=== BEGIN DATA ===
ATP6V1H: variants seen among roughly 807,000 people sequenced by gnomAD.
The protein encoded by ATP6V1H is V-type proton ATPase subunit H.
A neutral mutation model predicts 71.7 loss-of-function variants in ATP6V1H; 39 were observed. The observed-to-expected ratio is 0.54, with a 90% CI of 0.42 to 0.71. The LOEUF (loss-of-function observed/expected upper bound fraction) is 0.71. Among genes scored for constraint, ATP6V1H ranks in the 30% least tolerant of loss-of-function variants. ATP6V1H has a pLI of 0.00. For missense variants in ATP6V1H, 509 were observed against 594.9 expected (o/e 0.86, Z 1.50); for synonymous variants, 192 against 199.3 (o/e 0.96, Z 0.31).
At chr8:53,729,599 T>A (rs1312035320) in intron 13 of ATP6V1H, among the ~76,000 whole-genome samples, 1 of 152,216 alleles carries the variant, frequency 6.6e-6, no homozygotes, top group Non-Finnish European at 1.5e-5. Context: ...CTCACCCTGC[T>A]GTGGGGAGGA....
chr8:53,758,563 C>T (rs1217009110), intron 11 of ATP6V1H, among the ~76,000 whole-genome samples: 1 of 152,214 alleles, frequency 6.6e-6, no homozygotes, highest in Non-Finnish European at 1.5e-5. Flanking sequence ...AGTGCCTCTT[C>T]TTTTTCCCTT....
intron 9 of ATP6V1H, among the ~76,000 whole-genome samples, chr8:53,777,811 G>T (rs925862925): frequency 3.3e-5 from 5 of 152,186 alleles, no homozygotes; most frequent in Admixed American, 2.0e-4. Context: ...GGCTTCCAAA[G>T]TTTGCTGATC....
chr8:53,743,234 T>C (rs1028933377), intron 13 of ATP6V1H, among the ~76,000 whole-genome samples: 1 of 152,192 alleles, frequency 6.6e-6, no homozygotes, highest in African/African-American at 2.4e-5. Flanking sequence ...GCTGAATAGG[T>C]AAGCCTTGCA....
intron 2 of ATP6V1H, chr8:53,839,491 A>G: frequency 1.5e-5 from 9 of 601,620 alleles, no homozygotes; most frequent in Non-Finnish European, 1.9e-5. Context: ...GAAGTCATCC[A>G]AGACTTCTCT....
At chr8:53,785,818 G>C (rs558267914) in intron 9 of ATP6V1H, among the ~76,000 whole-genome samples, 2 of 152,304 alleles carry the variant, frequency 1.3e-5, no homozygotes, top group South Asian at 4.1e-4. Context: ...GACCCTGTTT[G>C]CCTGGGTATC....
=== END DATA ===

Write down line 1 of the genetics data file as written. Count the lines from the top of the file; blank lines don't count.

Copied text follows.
ATP6V1H: variants seen among roughly 807,000 people sequenced by gnomAD.